The Phantom of the Opera  (2004)    73/100

Rating :   73/100                                                                     143 Min        12A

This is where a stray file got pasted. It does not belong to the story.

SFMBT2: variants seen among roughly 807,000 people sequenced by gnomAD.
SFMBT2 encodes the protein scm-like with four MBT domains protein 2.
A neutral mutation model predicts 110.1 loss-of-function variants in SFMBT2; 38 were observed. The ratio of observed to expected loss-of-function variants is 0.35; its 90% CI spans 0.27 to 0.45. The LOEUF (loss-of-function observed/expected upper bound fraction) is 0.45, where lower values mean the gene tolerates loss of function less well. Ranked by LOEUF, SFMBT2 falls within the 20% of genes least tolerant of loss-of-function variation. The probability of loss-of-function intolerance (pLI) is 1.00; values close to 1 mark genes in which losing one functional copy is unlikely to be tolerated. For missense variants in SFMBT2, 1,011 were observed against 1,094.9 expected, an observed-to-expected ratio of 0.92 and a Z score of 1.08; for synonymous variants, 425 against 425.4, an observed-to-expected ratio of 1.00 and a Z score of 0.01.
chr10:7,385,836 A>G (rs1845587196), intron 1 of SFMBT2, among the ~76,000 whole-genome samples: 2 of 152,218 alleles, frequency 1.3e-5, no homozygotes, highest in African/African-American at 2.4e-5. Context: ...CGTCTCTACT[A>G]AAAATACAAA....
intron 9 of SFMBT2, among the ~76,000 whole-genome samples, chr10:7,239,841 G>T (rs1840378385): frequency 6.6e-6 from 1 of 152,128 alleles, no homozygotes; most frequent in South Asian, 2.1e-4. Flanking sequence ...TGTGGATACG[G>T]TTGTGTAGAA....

To be fair, I’ve never seen the musical, nor any of the previous film versions, but with Andrew Lloyd Webber on both production and screenplay duties it’s probably fair to say this film was made in much the same spirit as his stage version that captivated audiences around the world and has become the longest running and most financially successful show in Broadway history, claiming many such accolades from around the globe (just to be clear, this is the cinematic version of that same show, as opposed to another film adaptation of Gaston Leroux’s 1909 novel, from which the musical is adapted). It’s directed by Joel Schumacher who not only manages to fit in a Batman reference with one of the masks in the masquerade scene, but injects a certain fiery passion into the whole. From the lustre of the rich and vibrant set design and costumes, to the sense of naïve innocence rocking in the wake of the Phantom’s damned passion, (here played by an intense Gerard Butler with Emmy Rossum and Patrick Wilson as Christine and Raoul respectively) it’s a tale of social isolation and interminable lust that proves vivid and alive enough to enthral even those normally turned away at the prospect of watching a musical.

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